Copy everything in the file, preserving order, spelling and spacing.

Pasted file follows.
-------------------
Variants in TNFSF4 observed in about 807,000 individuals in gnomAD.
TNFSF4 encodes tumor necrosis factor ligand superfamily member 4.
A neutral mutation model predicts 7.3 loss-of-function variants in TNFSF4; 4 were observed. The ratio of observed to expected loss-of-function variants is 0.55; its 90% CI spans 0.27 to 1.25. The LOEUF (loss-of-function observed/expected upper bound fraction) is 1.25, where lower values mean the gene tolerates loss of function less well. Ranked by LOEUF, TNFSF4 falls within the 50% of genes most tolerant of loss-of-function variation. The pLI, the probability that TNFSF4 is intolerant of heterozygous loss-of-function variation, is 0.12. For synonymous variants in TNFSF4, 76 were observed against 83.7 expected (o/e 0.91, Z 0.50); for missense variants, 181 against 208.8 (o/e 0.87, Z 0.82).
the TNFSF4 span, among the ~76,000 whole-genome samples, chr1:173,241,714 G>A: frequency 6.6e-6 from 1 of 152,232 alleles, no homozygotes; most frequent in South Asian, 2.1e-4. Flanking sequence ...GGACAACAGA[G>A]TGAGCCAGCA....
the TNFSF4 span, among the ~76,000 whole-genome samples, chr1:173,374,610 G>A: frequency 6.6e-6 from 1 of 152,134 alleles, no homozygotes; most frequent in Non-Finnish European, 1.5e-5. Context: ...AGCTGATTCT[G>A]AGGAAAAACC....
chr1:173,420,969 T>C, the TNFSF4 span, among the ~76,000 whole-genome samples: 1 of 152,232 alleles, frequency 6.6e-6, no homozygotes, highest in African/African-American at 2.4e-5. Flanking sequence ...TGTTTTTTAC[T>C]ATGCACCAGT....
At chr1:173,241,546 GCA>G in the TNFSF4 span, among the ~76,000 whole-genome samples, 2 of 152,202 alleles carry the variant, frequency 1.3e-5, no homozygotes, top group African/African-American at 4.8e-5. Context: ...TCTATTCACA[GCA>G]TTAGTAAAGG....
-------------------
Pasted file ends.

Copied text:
Variants in TNFSF4 observed in about 807,000 individuals in gnomAD.
TNFSF4 encodes tumor necrosis factor ligand superfamily member 4.
A neutral mutation model predicts 7.3 loss-of-function variants in TNFSF4; 4 were observed. The ratio of observed to expected loss-of-function variants is 0.55; its 90% CI spans 0.27 to 1.25. The LOEUF (loss-of-function observed/expected upper bound fraction) is 1.25, where lower values mean the gene tolerates loss of function less well. Ranked by LOEUF, TNFSF4 falls within the 50% of genes most tolerant of loss-of-function variation. The pLI, the probability that TNFSF4 is intolerant of heterozygous loss-of-function variation, is 0.12. For synonymous variants in TNFSF4, 76 were observed against 83.7 expected (o/e 0.91, Z 0.50); for missense variants, 181 against 208.8 (o/e 0.87, Z 0.82).
the TNFSF4 span, among the ~76,000 whole-genome samples, chr1:173,241,714 G>A: frequency 6.6e-6 from 1 of 152,232 alleles, no homozygotes; most frequent in South Asian, 2.1e-4. Flanking sequence ...GGACAACAGA[G>A]TGAGCCAGCA....
the TNFSF4 span, among the ~76,000 whole-genome samples, chr1:173,374,610 G>A: frequency 6.6e-6 from 1 of 152,134 alleles, no homozygotes; most frequent in Non-Finnish European, 1.5e-5. Context: ...AGCTGATTCT[G>A]AGGAAAAACC....
chr1:173,420,969 T>C, the TNFSF4 span, among the ~76,000 whole-genome samples: 1 of 152,232 alleles, frequency 6.6e-6, no homozygotes, highest in African/African-American at 2.4e-5. Flanking sequence ...TGTTTTTTAC[T>C]ATGCACCAGT....
At chr1:173,241,546 GCA>G in the TNFSF4 span, among the ~76,000 whole-genome samples, 2 of 152,202 alleles carry the variant, frequency 1.3e-5, no homozygotes, top group African/African-American at 4.8e-5. Context: ...TCTATTCACA[GCA>G]TTAGTAAAGG....